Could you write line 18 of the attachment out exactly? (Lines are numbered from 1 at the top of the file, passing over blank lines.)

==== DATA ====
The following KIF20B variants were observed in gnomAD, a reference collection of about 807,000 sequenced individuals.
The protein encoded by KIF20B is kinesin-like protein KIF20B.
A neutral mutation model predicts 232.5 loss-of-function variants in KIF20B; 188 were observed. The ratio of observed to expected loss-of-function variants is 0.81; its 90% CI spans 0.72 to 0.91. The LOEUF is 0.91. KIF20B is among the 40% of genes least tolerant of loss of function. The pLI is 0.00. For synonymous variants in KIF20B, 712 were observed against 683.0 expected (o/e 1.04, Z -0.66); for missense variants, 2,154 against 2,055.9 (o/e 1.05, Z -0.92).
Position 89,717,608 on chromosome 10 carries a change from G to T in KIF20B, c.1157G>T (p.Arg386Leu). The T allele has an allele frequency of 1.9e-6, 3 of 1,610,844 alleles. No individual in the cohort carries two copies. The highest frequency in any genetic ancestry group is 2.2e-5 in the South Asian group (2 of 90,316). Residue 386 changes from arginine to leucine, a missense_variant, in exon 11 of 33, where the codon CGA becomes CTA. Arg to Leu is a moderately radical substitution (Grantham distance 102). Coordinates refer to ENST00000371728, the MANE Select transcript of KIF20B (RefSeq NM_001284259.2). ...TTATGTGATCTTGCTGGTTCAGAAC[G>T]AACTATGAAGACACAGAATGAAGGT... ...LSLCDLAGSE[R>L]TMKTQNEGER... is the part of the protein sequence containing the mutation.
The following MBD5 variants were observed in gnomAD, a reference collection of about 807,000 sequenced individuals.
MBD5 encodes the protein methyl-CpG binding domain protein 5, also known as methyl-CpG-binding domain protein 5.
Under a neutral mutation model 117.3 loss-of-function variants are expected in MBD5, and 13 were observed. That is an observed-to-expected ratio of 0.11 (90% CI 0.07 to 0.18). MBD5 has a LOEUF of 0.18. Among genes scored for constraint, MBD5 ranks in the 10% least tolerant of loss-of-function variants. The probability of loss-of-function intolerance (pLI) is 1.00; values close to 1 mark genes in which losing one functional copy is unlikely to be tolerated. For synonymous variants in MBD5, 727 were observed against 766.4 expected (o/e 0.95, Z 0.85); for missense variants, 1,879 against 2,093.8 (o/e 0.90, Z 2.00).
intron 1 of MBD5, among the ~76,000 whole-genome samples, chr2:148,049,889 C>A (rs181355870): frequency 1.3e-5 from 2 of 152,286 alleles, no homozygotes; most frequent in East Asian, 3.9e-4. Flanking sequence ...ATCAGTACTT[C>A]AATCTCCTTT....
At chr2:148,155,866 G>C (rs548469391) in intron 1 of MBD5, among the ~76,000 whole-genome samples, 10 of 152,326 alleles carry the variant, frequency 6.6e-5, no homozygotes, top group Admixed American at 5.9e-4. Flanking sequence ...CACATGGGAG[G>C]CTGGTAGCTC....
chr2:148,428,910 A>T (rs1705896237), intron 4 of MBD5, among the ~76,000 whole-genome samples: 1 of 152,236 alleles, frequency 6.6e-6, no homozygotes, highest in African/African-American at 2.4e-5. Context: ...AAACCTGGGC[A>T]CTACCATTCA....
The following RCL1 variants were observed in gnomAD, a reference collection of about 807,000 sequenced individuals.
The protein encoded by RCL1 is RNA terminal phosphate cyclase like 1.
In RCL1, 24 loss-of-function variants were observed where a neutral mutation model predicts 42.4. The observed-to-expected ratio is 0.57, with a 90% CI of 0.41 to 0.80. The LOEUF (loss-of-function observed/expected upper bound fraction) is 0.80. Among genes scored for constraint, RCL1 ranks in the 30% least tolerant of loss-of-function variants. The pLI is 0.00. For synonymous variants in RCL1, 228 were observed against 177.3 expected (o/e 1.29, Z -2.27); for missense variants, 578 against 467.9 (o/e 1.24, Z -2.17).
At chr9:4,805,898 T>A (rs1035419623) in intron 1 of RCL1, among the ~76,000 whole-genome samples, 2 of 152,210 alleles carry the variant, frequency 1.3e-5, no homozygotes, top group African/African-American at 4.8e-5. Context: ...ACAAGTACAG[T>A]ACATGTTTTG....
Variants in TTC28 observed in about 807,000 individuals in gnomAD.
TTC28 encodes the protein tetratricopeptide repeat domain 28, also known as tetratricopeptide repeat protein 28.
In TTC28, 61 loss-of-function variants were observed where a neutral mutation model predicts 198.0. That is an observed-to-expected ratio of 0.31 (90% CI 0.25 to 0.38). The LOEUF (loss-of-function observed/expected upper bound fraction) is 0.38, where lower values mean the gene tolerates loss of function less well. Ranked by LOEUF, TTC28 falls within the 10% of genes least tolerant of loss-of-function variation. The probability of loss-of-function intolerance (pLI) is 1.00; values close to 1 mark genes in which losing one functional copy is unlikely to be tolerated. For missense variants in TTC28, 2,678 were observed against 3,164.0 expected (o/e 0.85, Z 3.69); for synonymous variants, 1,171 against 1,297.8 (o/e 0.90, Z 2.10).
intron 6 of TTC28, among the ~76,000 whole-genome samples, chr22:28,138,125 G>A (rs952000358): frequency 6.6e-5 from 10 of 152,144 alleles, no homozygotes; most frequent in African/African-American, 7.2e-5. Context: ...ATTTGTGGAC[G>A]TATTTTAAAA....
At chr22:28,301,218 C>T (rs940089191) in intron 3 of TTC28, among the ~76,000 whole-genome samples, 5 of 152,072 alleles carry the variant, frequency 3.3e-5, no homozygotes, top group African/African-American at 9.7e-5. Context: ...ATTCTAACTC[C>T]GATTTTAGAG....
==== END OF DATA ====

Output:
intron 6 of TTC28, among the ~76,000 whole-genome samples, chr22:28,138,125 G>A (rs952000358): frequency 6.6e-5 from 10 of 152,144 alleles, no homozygotes; most frequent in African/African-American, 7.2e-5. Context: ...ATTTGTGGAC[G>A]TATTTTAAAA....